DIY : Repairing A Chipped Plaster Mirror

September 28, 2011 05:58 by ehouston

I am sad to announce that 50% off Wednesday’s at the Salvation Army recently ended.  I don’t have any idea what the reason for the change was, but they have switched up their policies and only certain items are discounted on certain days.  What a bummer!  Oh well, I just need to figure out their new discounting program and then I can get back on the thrifting horse.  Anywhoo- just before the new policy went into place I was able to score an oval mirror in the perfect size for our powder room.  At $4.99 it was an absolute bargain, of course the bonus was that the price was another 50% off.  Yes, you read that correctly, I basically paid $2.50 for a large, beveled glass oval mirror.  I had been pricing these recently and the cheapest I had found was an okay wood-ish (I think it was probably some kind of plastic or resin) model at Lowe’s for around the 50 dollar mark. 


I was super excited at what I consider a total steal, but I have to be honest and share some of the not so pretty details.  This mirror had definitely seen better days. 


There were several areas that had missing plaster, serious gouges and plenty of chips. 



Even with all the blemishes I knew I could make this mirror pretty again and that it would be the right size for our powder room.  Right now that space houses a very large, somewhat ornate burnished gold toned rectangular mirror that has always seemed giant to me.


Although, I have never attempted fixing a plaster style frame before I knew I could at least make it look better.  The previous owners had applied paint to several spots in an effort to hide the chips, but I wanted to put the dimension back into the curves and I decided that wood filler might be the trick.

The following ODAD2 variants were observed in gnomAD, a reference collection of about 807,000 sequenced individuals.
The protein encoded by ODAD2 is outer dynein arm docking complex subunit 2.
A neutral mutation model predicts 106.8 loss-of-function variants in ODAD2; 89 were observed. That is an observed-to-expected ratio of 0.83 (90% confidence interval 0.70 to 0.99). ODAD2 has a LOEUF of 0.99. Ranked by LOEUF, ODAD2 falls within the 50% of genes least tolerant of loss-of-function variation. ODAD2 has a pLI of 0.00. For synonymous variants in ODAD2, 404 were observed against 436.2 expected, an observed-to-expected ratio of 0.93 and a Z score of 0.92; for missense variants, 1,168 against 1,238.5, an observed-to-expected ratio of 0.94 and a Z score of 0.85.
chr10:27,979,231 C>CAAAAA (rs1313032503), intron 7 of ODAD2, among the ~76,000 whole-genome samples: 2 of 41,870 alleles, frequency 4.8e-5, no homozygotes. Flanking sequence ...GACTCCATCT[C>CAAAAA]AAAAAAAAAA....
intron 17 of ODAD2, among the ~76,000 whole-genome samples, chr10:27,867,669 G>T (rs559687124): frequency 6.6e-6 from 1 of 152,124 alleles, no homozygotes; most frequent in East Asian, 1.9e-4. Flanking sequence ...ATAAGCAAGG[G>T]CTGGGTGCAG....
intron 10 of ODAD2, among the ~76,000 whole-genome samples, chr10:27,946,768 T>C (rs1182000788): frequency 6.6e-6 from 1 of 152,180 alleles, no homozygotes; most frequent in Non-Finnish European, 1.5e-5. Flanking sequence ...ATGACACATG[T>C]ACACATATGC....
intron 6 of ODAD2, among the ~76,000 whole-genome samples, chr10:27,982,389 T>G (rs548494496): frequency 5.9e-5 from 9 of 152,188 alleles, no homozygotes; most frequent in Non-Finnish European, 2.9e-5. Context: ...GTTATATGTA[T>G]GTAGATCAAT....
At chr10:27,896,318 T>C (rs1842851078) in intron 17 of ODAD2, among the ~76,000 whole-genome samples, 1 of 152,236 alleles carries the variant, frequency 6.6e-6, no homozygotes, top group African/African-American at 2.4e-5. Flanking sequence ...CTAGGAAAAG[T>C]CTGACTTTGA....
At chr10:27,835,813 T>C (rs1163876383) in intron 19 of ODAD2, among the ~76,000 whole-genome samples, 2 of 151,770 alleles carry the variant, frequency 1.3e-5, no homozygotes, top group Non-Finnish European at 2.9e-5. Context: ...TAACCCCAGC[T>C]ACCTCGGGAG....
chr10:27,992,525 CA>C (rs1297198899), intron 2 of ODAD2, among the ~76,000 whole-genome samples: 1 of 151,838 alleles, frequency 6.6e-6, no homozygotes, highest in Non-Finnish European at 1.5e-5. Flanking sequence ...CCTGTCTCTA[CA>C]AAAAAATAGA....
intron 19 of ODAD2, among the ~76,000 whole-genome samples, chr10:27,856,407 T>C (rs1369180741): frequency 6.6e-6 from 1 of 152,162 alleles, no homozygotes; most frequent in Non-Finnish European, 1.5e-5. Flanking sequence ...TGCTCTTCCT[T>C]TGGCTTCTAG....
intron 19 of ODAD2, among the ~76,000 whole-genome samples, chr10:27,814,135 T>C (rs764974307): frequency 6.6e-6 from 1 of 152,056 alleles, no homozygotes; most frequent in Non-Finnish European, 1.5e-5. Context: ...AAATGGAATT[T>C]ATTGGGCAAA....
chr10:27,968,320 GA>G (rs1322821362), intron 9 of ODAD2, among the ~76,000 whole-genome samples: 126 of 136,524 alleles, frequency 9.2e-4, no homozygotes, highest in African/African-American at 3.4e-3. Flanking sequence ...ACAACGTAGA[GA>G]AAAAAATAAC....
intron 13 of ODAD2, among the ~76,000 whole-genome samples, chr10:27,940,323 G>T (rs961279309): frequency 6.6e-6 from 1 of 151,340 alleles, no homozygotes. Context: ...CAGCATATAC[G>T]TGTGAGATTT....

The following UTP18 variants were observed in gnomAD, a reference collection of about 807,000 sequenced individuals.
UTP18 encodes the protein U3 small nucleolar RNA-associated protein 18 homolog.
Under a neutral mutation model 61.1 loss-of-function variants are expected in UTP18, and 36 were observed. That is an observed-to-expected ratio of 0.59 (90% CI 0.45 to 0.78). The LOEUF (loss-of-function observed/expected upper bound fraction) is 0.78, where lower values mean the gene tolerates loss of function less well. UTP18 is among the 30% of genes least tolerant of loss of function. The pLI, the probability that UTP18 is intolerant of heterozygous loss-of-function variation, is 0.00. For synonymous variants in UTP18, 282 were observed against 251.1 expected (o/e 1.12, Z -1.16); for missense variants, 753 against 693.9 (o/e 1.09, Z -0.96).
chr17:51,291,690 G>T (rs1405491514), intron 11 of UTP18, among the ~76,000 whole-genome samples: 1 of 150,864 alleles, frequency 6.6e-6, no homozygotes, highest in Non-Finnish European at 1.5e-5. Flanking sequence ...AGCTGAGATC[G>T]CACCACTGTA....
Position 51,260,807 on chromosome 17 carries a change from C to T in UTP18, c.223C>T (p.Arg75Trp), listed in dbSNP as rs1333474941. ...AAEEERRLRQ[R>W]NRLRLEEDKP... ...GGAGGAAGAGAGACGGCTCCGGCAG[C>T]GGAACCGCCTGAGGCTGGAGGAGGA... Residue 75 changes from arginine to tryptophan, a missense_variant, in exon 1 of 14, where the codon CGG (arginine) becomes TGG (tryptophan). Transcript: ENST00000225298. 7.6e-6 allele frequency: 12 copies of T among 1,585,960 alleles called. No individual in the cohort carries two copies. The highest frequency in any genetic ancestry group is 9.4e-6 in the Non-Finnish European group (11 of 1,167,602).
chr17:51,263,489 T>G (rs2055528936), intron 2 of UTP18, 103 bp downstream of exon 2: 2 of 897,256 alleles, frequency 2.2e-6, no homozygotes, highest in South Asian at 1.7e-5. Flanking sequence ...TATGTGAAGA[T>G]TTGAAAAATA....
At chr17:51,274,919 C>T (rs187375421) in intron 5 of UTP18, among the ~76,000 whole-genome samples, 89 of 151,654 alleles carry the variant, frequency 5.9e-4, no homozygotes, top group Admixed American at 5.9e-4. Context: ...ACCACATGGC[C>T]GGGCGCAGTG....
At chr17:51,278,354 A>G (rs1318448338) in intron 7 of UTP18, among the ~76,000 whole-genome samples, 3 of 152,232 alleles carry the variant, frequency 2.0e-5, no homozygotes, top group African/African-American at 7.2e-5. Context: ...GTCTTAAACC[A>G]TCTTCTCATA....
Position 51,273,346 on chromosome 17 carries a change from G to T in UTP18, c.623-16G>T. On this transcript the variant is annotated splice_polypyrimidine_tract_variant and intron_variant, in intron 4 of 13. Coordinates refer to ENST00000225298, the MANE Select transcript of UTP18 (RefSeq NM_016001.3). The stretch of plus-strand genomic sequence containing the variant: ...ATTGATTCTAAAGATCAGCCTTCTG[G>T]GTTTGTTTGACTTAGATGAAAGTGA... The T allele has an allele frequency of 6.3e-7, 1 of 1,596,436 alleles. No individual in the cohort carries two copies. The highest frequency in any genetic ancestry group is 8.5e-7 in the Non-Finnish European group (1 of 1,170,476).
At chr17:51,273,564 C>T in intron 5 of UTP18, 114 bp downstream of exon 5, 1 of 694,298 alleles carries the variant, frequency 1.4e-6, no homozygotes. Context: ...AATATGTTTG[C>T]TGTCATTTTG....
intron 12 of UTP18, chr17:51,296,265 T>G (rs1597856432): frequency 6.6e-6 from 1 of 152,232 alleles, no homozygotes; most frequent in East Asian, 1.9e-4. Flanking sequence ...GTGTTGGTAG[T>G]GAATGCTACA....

I know this is not the proper way to restore a plaster mirror, but I also don’t believe this to be a high quality antique either.  It does have some pocking and streaks in the mirror silver, but I really don’t think that comes from a nice vintage, just serious wear and tear.  However, I do like those marks because they give the mirror a little history and charm.  At least in my eyes.



After applying thick clumps of wood filler to slightly dampened chips and gouges I left the mirror alone for about a week in order to thoroughly dry.  Wood filler is not meant to be applied in thick layers and often cracks and crumbles with it’s not done in thinner increments.  I guess I got lucky because we had a week of damp, rainy days and even though the mirror was indoors the whole time, I think the high humidity helped keep the serious cracks at bay.  Once the filler was dry I sanded those parts down, trying to match the curves up as much as possible.  Another thing to remember when working with wood filler is that it shrinks as it dries, so you want to apply more than you think you will need to get to the right height and width of the area you are trying to match.  I cleaned up my sanding mess, added a coat of primer and then a final coat of the same French Gray paint I used on the chair rail molding in the dining room. After all was said and done the really big chips seemed to disappear.  I will admit to rushing this one a bit because after painting and hanging it in place I noticed a few spots that I really should have sanded down some more.  Another tip from what I learned with this project is to re-inspect the filler after sanding AND wiping down.  I think the dust had settled a little too well in some spots leading me to believe that all the sanding was complete and level.   However, once I started painting I noticed a less seamless appearance than I would have liked.  One saving grace is that I opted to leave some of the other cracks and chips that were not a part of the major problem areas.  Again, I did not want to take away from the original finish to much and in the end I think it helps to disguise my not-so-perfect sanding job.



I think the addition of the blue-gray in this space adds a nice, although subtle, pop of color in this otherwise taupe and cream powder room.  Also, I am not sure if it’s because I am so used to the size of the old mirror, but the new one seems so small now.  Eventually I plan to switch out the light fixture for something a bit more modern and I would love to add white bead board and top ledge molding to the walls.  So, I think once the other changes come around the new smaller oval mirror will look even better.  But, those are projects for another day.  In the meantime, I will accept the things I cannot change.  ;o)

Kitsch Krafts

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